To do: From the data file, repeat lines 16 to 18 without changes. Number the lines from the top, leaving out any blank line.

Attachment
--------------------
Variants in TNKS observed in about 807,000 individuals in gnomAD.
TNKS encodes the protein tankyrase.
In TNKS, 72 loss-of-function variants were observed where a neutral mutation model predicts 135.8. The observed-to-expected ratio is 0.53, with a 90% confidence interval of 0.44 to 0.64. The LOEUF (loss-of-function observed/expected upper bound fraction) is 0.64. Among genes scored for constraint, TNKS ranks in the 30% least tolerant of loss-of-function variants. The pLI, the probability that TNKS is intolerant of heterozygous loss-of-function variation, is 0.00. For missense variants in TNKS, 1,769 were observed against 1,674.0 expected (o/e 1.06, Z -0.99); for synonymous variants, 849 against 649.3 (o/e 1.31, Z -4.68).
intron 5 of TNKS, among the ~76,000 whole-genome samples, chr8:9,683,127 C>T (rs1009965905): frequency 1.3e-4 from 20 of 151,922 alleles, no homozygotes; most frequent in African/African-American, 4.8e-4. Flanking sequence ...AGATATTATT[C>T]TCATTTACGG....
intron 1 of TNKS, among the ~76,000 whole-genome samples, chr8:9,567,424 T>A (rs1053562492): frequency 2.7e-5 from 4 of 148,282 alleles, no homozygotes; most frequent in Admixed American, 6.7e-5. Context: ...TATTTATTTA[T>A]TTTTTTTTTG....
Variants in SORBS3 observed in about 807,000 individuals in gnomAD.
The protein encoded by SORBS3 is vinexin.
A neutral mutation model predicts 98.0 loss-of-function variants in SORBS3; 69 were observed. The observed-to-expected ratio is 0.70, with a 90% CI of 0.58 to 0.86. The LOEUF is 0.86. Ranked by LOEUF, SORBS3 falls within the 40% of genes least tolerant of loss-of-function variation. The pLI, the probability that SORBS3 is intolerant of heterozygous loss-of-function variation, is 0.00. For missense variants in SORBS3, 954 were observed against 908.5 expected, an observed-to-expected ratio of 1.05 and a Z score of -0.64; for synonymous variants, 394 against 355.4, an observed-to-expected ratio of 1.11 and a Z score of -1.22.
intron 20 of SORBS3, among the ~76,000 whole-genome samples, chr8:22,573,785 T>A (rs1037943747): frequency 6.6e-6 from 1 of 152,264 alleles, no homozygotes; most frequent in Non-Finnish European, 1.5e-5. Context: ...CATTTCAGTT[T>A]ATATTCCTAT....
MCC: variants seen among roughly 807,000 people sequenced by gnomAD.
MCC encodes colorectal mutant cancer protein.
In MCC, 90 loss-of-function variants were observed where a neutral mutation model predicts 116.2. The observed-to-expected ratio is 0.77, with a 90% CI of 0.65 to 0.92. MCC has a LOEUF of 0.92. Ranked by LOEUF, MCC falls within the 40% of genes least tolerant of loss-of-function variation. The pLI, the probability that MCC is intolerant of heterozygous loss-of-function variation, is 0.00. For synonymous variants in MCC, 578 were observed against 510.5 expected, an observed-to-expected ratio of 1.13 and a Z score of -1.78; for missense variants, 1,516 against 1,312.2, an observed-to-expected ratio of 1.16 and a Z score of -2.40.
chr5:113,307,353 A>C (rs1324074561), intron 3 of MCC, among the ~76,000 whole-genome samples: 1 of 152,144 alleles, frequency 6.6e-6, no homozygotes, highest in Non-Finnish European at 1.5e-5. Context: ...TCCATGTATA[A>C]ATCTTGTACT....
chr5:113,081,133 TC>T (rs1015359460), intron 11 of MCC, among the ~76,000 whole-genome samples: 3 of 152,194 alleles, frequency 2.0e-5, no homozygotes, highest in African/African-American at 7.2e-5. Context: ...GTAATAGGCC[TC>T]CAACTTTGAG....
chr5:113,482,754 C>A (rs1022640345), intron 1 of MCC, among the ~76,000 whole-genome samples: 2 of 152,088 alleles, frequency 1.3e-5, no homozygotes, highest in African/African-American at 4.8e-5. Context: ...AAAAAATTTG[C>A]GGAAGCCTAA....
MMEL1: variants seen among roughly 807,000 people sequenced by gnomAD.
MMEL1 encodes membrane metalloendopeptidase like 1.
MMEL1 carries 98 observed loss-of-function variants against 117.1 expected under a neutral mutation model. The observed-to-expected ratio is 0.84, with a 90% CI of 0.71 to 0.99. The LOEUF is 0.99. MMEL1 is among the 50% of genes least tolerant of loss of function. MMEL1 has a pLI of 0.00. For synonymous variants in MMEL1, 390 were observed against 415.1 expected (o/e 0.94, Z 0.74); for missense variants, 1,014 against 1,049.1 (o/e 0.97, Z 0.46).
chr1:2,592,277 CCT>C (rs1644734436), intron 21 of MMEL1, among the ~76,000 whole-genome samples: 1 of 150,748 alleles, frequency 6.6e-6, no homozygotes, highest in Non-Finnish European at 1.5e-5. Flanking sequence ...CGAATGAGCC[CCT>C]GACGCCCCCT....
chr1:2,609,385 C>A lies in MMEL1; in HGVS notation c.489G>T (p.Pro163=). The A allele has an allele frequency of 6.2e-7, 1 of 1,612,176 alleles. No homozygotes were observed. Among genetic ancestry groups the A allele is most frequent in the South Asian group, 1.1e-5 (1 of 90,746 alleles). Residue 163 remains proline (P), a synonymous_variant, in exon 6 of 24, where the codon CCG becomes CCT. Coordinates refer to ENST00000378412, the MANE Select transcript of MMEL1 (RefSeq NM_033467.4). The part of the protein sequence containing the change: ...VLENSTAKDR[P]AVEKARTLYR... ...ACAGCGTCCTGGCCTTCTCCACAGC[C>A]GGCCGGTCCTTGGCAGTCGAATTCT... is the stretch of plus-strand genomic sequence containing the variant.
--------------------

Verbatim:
MMEL1: variants seen among roughly 807,000 people sequenced by gnomAD.
MMEL1 encodes membrane metalloendopeptidase like 1.
MMEL1 carries 98 observed loss-of-function variants against 117.1 expected under a neutral mutation model. The observed-to-expected ratio is 0.84, with a 90% CI of 0.71 to 0.99. The LOEUF is 0.99. MMEL1 is among the 50% of genes least tolerant of loss of function. MMEL1 has a pLI of 0.00. For synonymous variants in MMEL1, 390 were observed against 415.1 expected (o/e 0.94, Z 0.74); for missense variants, 1,014 against 1,049.1 (o/e 0.97, Z 0.46).